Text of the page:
Since I was prevented as mayor from leaving the city in a state where I knew its finances were in deficit conditions before my term of office expired, I pressed council to approve the cuts with a caveat. They could let them expire at midnight my last day in office with “last minute advice” memo I left for Norton to make sure on January 1, 2010 that he renew them if he didn’t want to end his first year in office with a deficit.
Norton spent his first day in office with Ralph Spotts trying to get then Judge Sandra Walker to issue him a search warrant to enter my apartment to steal the the 40 caliber Smith & Wesson I’d worn; and a 40 gigabyte hard drive laptop I’d paid for before I left. His mind wasn’t on managing the city’s finances. Sandra said “no.” He filed a “replevin” without council authorization. Council enacted a resolution to end his litigation and awarded me the property I’d already purchased.
Norton told council in January 2010 he wasn’t enforcing the vacant property registration ordinance. He also didn’t keep the police cuts I’d negotiated going. It’s now history that 33 months after I left office this thieving fool returned the city to fiscal emergency. That makes me the only mayor since the city started electing them in 1985 to keep East Cleveland out of fiscal emergency for all four years of my term in office.
Norton overspent in 2010 and 2011; and by 2012 the city was over $9 million in debt. Today, with the cost of police civil rights abuses, the debt in East Cleveland exceeds $100 million and the claims against the city are growing. Voters recalled him in 2016. Such a stupid child.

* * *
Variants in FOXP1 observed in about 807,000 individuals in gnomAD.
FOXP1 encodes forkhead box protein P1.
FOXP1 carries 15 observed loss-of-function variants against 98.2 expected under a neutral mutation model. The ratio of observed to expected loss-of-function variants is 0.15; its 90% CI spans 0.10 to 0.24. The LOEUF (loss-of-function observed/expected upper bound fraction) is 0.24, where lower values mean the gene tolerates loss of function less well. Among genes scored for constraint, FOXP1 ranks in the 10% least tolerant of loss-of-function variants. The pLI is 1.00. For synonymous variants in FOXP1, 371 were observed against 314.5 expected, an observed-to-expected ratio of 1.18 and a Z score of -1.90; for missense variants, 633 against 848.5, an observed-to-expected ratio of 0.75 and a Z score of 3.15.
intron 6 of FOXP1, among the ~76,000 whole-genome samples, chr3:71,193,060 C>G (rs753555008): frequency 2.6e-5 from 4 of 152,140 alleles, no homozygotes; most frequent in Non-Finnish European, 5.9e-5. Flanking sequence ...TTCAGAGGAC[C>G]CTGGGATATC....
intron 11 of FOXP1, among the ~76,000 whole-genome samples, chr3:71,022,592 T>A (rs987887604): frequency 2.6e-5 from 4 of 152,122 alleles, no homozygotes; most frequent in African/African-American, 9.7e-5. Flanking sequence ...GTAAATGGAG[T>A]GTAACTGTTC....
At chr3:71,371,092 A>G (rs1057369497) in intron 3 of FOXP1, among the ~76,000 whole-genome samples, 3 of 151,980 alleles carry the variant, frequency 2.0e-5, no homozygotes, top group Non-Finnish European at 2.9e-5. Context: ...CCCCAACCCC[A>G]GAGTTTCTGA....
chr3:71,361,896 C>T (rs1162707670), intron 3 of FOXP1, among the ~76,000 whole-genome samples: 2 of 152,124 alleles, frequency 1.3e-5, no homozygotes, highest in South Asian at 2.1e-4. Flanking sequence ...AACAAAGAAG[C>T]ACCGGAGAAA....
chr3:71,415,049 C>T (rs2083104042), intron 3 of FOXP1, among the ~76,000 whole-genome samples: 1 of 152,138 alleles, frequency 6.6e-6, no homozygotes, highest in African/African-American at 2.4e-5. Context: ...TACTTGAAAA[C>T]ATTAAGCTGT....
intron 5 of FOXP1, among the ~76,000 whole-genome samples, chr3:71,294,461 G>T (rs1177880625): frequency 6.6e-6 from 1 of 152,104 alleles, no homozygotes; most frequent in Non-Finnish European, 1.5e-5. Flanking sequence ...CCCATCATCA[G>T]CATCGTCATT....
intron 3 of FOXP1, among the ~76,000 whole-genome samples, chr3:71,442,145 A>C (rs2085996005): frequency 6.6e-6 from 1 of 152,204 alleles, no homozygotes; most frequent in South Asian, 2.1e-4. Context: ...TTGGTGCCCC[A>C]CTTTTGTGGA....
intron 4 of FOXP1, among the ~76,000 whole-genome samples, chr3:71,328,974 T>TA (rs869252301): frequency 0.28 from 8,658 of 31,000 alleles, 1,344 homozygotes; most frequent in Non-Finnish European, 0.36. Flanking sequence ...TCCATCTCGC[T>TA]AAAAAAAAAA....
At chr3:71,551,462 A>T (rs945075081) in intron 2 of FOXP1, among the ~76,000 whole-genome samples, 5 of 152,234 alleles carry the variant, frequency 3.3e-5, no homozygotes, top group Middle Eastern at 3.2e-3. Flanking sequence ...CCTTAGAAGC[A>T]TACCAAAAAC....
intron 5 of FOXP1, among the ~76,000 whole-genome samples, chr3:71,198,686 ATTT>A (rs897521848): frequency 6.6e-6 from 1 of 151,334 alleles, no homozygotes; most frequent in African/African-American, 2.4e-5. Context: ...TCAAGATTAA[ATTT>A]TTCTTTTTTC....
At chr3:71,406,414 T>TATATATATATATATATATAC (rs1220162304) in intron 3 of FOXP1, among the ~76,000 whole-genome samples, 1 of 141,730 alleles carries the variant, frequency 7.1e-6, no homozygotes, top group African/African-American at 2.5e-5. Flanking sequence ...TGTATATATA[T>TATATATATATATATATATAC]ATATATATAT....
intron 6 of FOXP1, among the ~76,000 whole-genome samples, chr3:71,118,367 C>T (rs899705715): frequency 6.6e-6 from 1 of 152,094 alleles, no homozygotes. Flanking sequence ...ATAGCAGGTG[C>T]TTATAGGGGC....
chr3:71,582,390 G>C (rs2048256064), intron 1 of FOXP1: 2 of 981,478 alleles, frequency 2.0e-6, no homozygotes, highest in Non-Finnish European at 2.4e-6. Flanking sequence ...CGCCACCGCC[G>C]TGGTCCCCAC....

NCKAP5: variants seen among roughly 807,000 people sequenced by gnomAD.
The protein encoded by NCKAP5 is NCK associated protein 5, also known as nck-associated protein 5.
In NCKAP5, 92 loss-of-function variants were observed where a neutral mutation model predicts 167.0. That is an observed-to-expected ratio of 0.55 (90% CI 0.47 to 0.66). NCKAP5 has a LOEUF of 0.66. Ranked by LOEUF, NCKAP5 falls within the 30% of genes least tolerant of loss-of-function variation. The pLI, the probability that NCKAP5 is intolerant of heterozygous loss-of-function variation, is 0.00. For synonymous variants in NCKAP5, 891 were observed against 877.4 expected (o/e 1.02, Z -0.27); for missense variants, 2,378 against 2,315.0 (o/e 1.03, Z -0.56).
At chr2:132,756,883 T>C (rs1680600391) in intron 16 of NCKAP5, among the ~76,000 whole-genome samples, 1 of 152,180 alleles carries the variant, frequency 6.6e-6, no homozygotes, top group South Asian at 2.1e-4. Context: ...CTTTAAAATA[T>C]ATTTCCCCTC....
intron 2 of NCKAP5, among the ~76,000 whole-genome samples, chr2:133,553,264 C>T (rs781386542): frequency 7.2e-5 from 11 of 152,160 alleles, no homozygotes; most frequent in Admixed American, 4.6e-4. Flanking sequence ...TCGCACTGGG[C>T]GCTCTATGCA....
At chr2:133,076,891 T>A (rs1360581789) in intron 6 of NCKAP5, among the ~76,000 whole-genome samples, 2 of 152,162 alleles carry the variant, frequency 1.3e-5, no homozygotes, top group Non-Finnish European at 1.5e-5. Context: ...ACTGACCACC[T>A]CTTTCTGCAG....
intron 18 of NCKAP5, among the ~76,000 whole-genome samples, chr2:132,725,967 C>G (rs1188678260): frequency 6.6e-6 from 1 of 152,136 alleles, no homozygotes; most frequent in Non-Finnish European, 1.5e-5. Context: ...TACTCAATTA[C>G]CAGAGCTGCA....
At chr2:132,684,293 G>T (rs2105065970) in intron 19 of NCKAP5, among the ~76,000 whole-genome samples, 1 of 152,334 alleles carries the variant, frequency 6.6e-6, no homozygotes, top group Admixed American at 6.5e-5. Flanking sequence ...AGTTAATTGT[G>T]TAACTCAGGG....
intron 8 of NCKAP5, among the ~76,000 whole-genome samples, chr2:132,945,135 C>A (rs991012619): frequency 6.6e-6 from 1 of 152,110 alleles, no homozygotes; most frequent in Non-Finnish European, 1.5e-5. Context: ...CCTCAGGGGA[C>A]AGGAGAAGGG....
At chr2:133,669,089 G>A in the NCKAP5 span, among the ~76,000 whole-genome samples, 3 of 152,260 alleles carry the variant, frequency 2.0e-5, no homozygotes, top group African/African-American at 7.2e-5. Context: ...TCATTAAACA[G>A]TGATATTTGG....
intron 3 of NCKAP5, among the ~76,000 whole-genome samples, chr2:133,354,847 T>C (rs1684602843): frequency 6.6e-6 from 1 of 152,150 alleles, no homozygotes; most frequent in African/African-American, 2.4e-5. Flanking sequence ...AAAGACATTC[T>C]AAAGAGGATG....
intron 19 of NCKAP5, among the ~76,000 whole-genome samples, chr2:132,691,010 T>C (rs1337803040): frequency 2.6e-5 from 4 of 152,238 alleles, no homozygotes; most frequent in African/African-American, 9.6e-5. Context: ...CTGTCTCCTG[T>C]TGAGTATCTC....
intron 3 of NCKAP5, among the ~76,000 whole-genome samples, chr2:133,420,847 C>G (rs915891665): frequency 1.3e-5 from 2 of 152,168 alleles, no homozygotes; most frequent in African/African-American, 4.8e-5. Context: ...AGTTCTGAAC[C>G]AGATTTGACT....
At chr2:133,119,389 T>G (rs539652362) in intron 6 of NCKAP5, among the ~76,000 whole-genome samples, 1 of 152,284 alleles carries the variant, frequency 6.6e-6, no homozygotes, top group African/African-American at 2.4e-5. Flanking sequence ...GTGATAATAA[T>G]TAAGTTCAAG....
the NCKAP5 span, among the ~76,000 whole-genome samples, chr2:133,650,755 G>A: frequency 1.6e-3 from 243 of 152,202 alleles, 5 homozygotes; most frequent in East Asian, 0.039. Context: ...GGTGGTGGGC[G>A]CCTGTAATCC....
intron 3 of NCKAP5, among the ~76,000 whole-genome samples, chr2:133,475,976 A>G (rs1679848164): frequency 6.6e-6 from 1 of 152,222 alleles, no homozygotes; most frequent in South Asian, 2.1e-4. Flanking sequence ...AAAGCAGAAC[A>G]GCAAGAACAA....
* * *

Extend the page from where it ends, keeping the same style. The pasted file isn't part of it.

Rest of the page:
One of the worst decisions Norton made was in not fighting to keep Huron Hospital open after Cleveland Clinic spent over $8 million to renovate it. That recklessness cost the city its largest employer or roughly $1.1 million annually in income taxes; and council never saw a dime of the $8 million Cleveland Clinic chief executive officer Delos Cosgrove caused its finance officials to transfer “somewhere.”
There is no record of East Cleveland city council ever approving a resolution giving Norton the authority to negotiate, sign the agreement or receive the money. It’s as if the money just disappeared as no records show “the municipal government” as “officially” as ever having received it. The only resolution council enacted during Dr. Joy Jordan’s presidency was one in 2011 that instructed this criminal he had no authority to negotiate. Closing the hospital created yet another “loss in revenue” exigent circumstance he completely ignored.
Municipal management is not rocket science. Elected and appointed officials have to read and pay attention to the money and their city’s economic conditions; and adjust “quickly” to meet them. With two months left until the 2020 books are closed, if a mayor and council have not yet already cut their budgets it’s too late. They’ve “recklessly created a deficit.”
Pursuant to Sections 2935.09 and 2935.10 of Ohio’s Revised Code, any citizen “with knowledge” of the deficit can file a criminal complaint against them with the city’s municipal court judge. It’s the “glad to have a good job with a pension” judge they elect and who they can unelect if he or she doesn’t obey the statute and process it.
All of the NLRB’s general counsel’s memos on navigating the coronavirus crisis are here. The link I’ve shared includes the NLRB memo referenced in this article. It’s a criminal act to “recklessly create a deficit” or “incur a debt” when it’s known very publicly that tax collections are down.